I, myself, have always been independant and although I had a few highschool crushes I never dated anyone. That was fine with me, (on most days, I mean eveyone has their moments of weakness). It would have been nice to have taken some test drives, but I wasn't looking to purchase, finance or lease a heap of metal that would drain my bank account, cause me grief and leave me stuck on the shoulder when I really needed to rely on it.

I knew lots of nice guys but I was afraid the only guy in highschool who wasn't looking to simply get some would be the guy to ask me out, and I'd be stuck staring at the same face every morning for the next 70 years. I didn't want to be a heart breaker, and I didn't want to carry around much heart ache. Granted that was most likely some defensive tactic I brainwashed myself with to deny that fact that; as one guy friend put it, 'I'm just looking to have fun now, but when I'm looking to settle down-I'll find you.' I'd like to believe I wasn't a geek in highschool, but, well, let's say the jury's still out on that one.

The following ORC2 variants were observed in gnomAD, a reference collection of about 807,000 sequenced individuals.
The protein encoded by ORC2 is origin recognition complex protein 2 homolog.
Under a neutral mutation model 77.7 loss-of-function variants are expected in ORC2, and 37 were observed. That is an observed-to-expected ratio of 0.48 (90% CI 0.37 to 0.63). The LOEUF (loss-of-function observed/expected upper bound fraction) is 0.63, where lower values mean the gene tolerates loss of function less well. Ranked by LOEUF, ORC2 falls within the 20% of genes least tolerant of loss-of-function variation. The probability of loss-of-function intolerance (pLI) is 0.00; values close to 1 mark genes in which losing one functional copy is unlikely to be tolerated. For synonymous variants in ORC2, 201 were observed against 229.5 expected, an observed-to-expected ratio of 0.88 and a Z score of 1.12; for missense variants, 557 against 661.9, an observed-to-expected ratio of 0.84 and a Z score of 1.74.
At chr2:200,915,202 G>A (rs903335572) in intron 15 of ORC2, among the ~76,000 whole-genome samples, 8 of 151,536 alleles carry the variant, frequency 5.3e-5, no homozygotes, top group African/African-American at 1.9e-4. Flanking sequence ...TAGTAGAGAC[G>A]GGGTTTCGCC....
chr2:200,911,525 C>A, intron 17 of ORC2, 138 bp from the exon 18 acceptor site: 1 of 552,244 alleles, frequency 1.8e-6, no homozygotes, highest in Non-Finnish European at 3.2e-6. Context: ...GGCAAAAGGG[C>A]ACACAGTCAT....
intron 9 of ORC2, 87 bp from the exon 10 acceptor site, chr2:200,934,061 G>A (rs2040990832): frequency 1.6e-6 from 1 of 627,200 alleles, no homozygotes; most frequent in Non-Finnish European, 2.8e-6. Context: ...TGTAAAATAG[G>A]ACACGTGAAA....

But in my second year of college I was very content with who I was becoming, surrounded by great friends and contentedly living vicariously through everyone else who was sampling the meat at the CBC market. One day I sat in the same place for almost an entire day and in the afternoon Nick sat down next to me and would. not. leave.

I've shared the rest of that story before, (along with longer versions of my previous two entries, but in order to understand the present you sometimes have to reflect on the past), and the end result is that I've felt what it's like to be loved and chosen every day for the last six years and I am indescribably blessed by that. So much so that even if something tragic where to happen to Nick I would look for love again, (Please don't misread this sentence, I'm just trying to emphasize that having felt love I can now see how I mislead my self in my youth).

I have been completely converted from independant to part of a team, not just through the act of marriage but by the softening of my heart to be let myself be loved.

Then God Stepped In.